Dismiss Notice
Join Physics Forums Today!
The friendliest, high quality science and math community on the planet! Everyone who loves science is here!

Jordan Can. Form of Frobenius map

  1. Apr 15, 2009 #1
    Hello all,

    I am trying to solve this exercise here:

    Let \phi denote the Frobenius map x |-> x^p on the finite field F_{p^n}. Determine the Jordan canonical form (over a field containing all the eigenvalues) for \phi considered as an F_p-linear transformation of the n-dimensional F_p-vector space F_{p^n}.

    So, this is how I start:

    Suppose that F_{p^n}=F_p(a1,a2,a3, ..., an) (those n elements will be powers of one element, but it doesn't matter). Now, since the Frobenius map is an isomorphism of F_{p^n} to itself, then \phi permutes a1, a2, ..., an.

    Since a1, a2, ..., a3 form a basis of the n-dimensional F_p-vector space F_{p^n}, then the matrix of \phi in respect with that basis will be just a permutation matrix.

    So the problem becomes equivalent with: "find the jordan canonical form of a permutation matrix".

    Am I doing some obvious mistake here? Would the latter be something straightforward? I admit I can't see it...

    Any help would be greatly appreciated.
     
  2. jcsd
  3. Apr 15, 2009 #2
    Okay, so this is a similar way that seems to work for me:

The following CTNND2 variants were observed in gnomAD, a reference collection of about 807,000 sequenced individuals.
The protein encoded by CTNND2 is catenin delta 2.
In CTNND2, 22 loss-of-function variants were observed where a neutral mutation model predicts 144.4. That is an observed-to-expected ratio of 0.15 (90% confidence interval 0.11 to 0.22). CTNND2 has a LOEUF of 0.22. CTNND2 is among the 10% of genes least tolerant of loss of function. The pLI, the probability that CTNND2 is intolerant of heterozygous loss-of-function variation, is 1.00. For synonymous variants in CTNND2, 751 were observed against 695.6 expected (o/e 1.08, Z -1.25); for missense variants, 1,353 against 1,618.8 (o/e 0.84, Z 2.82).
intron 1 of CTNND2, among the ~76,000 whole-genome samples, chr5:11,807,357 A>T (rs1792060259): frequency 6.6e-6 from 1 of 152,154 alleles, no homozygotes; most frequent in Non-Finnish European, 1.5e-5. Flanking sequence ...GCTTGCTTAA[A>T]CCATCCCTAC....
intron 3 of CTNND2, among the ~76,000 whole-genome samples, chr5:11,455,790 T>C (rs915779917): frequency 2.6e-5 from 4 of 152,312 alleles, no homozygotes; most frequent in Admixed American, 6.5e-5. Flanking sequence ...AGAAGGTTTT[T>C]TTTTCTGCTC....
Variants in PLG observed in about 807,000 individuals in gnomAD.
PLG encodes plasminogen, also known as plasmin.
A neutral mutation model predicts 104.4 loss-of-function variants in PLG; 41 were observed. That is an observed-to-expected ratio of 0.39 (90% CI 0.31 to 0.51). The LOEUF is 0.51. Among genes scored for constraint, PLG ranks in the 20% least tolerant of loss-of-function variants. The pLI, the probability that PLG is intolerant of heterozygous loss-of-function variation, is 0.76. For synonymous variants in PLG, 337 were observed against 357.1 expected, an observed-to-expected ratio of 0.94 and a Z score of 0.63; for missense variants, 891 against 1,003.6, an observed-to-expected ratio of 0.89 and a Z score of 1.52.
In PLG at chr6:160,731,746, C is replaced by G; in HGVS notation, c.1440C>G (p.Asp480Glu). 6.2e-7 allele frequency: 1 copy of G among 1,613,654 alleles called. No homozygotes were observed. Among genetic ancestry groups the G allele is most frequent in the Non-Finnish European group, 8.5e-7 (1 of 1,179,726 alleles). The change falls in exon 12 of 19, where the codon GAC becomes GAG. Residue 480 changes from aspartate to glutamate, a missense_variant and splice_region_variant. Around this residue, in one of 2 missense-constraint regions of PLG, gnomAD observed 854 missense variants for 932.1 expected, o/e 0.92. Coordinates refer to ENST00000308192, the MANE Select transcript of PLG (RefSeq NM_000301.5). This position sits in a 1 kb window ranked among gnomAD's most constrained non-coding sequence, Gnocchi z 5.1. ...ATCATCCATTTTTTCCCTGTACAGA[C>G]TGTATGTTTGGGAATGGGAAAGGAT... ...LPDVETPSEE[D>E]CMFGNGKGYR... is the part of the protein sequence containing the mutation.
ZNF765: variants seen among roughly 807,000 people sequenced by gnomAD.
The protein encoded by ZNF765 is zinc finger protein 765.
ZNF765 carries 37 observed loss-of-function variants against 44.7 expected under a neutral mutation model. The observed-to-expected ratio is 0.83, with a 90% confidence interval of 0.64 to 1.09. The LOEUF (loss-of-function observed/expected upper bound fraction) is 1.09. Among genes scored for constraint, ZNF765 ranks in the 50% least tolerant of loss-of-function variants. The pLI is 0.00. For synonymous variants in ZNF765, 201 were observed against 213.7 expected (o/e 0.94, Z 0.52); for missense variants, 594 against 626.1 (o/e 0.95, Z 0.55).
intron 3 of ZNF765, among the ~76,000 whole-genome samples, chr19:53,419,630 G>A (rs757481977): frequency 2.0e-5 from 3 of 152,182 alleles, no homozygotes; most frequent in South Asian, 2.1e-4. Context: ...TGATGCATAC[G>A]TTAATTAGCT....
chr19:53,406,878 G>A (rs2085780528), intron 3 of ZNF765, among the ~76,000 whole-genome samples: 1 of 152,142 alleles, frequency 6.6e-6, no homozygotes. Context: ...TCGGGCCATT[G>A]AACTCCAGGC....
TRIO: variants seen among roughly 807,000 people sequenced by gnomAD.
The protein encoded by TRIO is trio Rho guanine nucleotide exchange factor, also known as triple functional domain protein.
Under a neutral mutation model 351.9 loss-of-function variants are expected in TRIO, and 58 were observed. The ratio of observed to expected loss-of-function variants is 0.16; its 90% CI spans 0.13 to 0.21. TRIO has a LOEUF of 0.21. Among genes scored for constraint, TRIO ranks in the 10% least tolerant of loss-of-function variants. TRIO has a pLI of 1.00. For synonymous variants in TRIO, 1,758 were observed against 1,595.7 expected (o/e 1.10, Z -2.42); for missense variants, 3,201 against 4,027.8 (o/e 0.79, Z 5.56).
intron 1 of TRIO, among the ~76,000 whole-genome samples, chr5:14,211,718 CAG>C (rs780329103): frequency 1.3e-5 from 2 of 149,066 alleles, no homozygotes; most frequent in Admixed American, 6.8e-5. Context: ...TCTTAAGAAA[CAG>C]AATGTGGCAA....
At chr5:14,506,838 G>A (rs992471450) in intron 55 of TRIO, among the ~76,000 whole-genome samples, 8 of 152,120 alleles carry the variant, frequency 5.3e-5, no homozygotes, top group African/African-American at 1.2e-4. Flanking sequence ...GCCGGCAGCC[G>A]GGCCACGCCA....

Suppose F_{p^n}=F_p(a), where a is a root of some irreducible polynomial over F_p of degree n.

    Then,
    a^(p^n-1), ..., a^{p^2}, a^p, a (= a^{p^n}) is a basis of the F_p-vector space F_p(a)

    Then we notice that \phi(a^{p^i}) = a^{p^i+1}

    So, in respect to the basis above, the matrix of \phi
    becomes:

    0 1 0 0 0 .... 0 0
    0 0 1 0 0 .... 0 0
    0 0 0 1 0 .... 0 0
    ..................
    ..................
    0 0 0 0 0 .... 1 0
    0 0 0 0 0 .... 0 1
    1 0 0 0 0 .... 0 0

    With some little effort, one can see that the characteristic polynomial
    of this matrix is (t^n)-1.

    That is, we have n distinct eigenvalues (all the nth roots of unity).

    Thus, we will have n Jordan blocks, meaning that the Jordan canonical form
    will be the diagonal matrix with the roots of unity in the diagonal

    Could somebody please tell me if my arguments are correct or I miss something?
    Or, if the above are correct, is there a simpler way to obtain this result?

    Thanks a lot..
     
    Last edited: Apr 15, 2009
Know someone interested in this topic? Share this thread via Reddit, Google+, Twitter, or Facebook




Similar Discussions: Jordan Can. Form of Frobenius map
  1. Jordan form (Replies: 5)

  2. Jordan Canonical Form (Replies: 1)

Loading...